In monitoring the region’s and countries’ progress in attaining Agenda 2030, an important role must be given to civil society organizations and people’s organizations as they know the realities on-ground. Multiple voluntary national review processes have excluded the civil society, making their conclusions inaccurate to the lived experiences of the people, especially the marginalized sectors.
While SDG 17 emphasizes the need for accurate data monitoring, Jennifer Guste of the Council for People’s Development and Governance (CPDG) further calls for “governments to improve its data monitoring in consultation with civil society to include the actual needs of vulnerable sectors,” and to “review and revise accordingly its methods of measuring poverty and labor participation to ensure millions are not left behind.”
Despite the threats they face, CSOs are able to provide a holistic and inclusive response to provide immediate relief and recovery in the midst of the pandemic. Instead of increasingly disbursing aid to private sector actors, providing financial support to CSOs allow for the much-needed localization of aid. Removing barriers to access aid by civil society actors in the global South permits a more grounded, holistic and inclusive approach to development.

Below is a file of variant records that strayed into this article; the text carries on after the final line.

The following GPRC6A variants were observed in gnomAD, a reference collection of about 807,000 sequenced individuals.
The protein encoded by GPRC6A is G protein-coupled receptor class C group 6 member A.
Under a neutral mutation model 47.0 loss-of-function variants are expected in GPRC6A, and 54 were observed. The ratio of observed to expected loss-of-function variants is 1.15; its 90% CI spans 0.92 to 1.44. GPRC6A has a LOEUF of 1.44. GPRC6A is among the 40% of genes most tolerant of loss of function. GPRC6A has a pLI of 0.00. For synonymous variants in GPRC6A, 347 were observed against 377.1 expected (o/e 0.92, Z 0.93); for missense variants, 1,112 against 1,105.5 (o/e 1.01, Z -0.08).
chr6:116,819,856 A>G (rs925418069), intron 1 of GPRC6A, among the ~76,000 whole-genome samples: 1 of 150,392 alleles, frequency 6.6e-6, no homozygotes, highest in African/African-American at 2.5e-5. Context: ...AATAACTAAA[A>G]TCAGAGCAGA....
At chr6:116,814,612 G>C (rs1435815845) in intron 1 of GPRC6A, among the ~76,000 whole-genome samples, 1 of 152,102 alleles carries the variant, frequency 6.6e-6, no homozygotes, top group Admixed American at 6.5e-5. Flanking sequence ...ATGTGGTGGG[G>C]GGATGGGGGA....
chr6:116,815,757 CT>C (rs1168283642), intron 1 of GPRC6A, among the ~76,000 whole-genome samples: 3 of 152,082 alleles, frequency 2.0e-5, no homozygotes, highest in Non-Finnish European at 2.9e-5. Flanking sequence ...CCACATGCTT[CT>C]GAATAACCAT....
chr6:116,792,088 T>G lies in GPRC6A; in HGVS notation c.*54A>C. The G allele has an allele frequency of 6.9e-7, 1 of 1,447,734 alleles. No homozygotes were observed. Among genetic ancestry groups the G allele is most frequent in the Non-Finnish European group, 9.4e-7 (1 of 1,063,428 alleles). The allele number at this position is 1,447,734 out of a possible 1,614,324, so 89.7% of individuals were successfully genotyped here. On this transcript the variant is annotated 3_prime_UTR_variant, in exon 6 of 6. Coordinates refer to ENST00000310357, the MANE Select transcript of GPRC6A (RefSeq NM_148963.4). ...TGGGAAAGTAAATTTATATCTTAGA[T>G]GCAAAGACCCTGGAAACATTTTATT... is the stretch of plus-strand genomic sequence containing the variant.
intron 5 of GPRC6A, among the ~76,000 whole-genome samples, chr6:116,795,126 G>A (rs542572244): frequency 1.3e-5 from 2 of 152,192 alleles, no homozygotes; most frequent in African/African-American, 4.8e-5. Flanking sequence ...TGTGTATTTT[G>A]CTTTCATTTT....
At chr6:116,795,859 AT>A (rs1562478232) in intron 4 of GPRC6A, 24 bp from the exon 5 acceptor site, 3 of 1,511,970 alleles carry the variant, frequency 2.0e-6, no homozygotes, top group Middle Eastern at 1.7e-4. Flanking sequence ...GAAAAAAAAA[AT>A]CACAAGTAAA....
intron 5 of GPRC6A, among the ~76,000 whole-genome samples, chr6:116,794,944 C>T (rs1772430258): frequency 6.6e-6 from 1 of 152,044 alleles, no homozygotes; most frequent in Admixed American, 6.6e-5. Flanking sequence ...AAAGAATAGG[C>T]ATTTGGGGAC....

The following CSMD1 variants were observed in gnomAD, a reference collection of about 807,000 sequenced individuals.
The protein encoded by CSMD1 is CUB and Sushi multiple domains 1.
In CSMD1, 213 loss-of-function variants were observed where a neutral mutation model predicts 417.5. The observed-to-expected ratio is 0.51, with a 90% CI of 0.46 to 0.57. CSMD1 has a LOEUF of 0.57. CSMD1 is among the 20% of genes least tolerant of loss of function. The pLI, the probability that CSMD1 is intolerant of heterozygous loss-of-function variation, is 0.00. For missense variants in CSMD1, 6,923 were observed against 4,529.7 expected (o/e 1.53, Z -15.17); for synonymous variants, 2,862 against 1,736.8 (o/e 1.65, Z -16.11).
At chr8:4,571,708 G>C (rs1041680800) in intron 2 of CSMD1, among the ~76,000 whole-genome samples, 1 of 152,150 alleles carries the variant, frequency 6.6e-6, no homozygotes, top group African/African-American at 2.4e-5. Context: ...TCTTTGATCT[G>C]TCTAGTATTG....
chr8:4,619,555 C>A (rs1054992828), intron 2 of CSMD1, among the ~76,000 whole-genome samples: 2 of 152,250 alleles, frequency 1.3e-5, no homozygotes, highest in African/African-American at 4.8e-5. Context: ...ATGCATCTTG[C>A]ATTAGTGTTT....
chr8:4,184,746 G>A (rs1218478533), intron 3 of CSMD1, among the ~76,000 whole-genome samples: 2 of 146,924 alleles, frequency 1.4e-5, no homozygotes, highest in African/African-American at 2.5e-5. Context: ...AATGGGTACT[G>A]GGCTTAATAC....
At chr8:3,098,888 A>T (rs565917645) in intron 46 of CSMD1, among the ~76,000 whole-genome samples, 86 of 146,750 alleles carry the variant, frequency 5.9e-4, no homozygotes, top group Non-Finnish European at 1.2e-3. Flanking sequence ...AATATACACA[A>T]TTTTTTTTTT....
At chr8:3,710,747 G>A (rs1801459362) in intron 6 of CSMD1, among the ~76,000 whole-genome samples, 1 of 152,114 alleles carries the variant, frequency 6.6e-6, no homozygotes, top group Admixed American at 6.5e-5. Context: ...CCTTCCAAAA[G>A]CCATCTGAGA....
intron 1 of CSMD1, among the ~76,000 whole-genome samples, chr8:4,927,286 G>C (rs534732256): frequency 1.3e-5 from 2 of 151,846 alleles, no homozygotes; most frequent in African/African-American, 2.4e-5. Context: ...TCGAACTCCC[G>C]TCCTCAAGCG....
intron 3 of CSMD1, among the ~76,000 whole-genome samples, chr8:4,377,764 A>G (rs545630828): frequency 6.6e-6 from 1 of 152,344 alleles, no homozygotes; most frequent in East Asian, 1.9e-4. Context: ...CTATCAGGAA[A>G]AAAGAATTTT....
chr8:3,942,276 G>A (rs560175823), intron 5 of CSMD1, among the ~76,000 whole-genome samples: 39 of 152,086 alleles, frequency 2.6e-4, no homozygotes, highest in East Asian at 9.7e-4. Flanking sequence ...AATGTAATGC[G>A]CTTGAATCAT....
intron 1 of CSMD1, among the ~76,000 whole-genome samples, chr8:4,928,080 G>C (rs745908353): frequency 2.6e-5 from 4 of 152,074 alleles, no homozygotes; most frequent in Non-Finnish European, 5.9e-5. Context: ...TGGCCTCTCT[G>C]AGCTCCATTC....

As Sarah Torres of Reality of Aid-Asia Pacific (RoA-AP) mentioned in her intervention, “Localization allows for the democratic ownership of development priorities, and not of private sector interests. This also allows NGOs to respond to root causes of conflict and fragility, and help in mitigating the impacts of climate change for the disproportionately affected.”
3. Need for system change and development justice
In the region, CSO members of the Asia-Pacific Regional CSO Engagement Mechanism (APRCEM) maintain that we should not continue to build on existing structures, but push for systemic change and development justice. Instead of “Building Back Better”, we must build inclusive systems that will preserve the environment, uphold human rights, and promote genuine development for all.
The prevailing order has also led to the multidimensional crises of the COVID-19 pandemic, development challenges and the climate crisis. The current system has caused delay in achieving the SDGs, having significant impacts on the lives, livelihoods, rights, and security of the marginalized and vulnerable.
We must not build back the previous system, as it failed us, our communities, our sectors and our environment. The Agenda 2030 must go beyond the calls for sustainable development, and espouse system change, which recognizes the needs of the people and pushes for a people-centered, rights-based and climate-resilient future for all.
As Beverly Longid of the International Indigenous Peoples Movement for Self-Determination and Liberation (IPMSDL) said in the opening session of the APFSD, “Development justice embodies looking back and learning, recognizing and solving structural barriers, becoming accountable, upholding human rights, and bringing in people’s participation. Let us build back better by collectively working for system change.”